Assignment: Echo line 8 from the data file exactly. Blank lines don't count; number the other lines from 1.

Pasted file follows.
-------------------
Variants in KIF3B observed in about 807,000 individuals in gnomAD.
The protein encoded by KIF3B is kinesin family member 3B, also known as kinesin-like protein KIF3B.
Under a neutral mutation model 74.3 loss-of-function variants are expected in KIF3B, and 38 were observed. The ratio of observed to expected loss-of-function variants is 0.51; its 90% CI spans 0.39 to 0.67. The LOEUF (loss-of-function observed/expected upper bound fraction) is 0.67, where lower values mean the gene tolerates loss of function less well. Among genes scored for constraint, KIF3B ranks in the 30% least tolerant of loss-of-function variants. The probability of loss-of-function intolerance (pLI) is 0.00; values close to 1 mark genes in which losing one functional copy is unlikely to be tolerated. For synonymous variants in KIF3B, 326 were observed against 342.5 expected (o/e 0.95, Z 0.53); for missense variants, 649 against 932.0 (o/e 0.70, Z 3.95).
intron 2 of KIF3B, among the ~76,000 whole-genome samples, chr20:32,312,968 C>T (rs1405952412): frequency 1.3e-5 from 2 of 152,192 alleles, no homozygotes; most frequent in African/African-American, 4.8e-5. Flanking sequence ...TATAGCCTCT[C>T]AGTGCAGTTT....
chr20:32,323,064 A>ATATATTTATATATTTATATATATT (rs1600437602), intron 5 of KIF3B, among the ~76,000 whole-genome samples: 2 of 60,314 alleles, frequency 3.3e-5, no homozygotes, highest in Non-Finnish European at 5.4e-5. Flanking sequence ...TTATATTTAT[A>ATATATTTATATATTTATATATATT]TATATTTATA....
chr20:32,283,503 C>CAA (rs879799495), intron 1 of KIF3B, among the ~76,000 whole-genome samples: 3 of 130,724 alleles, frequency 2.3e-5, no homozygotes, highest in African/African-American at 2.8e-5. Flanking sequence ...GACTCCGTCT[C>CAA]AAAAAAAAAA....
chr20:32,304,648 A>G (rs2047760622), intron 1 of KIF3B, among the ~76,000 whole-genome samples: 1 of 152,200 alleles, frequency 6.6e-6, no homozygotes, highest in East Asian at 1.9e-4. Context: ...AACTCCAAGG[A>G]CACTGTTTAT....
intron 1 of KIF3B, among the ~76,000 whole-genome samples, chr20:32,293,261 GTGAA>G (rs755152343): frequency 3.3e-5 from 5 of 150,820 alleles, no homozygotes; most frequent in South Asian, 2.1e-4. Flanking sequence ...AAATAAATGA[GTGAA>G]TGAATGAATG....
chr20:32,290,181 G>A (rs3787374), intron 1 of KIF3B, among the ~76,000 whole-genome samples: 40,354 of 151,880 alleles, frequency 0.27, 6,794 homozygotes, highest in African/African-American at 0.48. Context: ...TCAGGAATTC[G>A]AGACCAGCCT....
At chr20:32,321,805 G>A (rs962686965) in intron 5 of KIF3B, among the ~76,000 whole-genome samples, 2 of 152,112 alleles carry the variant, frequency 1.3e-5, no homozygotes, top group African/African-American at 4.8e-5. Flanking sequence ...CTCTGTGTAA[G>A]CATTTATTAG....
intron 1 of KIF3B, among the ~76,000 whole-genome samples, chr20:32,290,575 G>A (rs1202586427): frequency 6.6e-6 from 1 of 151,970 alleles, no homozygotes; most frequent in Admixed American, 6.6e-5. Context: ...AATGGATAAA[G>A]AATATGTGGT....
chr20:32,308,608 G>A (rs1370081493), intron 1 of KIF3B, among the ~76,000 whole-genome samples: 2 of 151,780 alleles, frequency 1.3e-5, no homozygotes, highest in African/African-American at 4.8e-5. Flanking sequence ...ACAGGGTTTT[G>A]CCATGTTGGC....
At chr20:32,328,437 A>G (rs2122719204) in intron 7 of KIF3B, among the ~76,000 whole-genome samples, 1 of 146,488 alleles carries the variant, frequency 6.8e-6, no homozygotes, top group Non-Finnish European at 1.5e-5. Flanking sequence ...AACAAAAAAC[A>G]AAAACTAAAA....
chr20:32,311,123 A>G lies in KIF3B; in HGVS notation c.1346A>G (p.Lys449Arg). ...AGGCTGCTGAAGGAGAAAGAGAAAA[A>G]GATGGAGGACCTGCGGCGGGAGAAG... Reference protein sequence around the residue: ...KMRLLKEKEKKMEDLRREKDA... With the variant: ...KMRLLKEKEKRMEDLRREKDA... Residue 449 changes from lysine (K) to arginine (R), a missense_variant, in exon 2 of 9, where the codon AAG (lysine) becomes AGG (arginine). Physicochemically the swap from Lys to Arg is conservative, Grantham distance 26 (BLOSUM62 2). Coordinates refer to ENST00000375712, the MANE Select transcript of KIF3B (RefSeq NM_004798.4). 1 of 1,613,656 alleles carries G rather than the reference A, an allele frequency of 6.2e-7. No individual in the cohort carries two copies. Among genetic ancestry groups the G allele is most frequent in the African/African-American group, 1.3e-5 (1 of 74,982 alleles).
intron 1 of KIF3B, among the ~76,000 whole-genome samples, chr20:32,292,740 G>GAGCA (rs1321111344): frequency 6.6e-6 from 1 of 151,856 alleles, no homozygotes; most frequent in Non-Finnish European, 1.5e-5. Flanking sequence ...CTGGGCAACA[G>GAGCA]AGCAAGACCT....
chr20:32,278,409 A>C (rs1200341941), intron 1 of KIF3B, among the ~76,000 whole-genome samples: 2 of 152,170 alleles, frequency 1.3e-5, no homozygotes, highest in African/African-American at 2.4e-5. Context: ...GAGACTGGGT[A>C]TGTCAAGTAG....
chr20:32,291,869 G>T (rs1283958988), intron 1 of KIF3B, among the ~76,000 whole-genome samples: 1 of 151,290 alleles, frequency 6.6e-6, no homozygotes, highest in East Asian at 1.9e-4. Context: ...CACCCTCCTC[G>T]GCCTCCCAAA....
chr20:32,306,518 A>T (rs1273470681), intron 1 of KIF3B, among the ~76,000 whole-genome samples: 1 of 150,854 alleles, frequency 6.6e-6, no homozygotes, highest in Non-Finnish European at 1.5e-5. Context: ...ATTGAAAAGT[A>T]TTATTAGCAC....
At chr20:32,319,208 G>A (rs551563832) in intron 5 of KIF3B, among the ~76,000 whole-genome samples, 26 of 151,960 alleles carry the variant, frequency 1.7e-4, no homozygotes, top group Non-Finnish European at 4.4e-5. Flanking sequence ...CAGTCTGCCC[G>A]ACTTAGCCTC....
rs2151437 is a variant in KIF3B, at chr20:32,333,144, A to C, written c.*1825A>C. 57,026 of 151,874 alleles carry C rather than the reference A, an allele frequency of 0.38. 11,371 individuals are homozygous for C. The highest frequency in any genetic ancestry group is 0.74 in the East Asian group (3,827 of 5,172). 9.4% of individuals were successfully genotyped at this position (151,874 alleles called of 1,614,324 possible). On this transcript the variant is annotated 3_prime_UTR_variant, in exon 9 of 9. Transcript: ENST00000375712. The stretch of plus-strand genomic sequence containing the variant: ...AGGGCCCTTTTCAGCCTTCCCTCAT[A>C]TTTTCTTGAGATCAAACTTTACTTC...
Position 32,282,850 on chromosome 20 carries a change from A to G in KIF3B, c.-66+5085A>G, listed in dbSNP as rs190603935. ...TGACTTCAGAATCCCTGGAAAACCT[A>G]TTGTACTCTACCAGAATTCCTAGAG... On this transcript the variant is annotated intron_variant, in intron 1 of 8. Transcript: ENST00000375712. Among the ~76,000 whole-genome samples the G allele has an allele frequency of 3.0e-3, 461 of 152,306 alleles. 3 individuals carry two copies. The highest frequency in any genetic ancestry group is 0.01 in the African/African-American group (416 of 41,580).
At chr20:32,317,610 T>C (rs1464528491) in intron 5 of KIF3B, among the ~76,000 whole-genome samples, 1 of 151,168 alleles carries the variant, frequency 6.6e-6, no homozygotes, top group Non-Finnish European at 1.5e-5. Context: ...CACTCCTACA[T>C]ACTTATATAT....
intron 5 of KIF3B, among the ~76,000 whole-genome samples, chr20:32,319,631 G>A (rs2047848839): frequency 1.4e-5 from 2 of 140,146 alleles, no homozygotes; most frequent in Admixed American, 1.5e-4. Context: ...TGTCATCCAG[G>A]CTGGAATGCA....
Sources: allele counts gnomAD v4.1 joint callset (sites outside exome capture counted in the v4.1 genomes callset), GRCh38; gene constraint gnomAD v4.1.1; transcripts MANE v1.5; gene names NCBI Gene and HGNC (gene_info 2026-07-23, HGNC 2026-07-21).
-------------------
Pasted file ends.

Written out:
intron 1 of KIF3B, among the ~76,000 whole-genome samples, chr20:32,293,261 GTGAA>G (rs755152343): frequency 3.3e-5 from 5 of 150,820 alleles, no homozygotes; most frequent in South Asian, 2.1e-4. Flanking sequence ...AAATAAATGA[GTGAA>G]TGAATGAATG....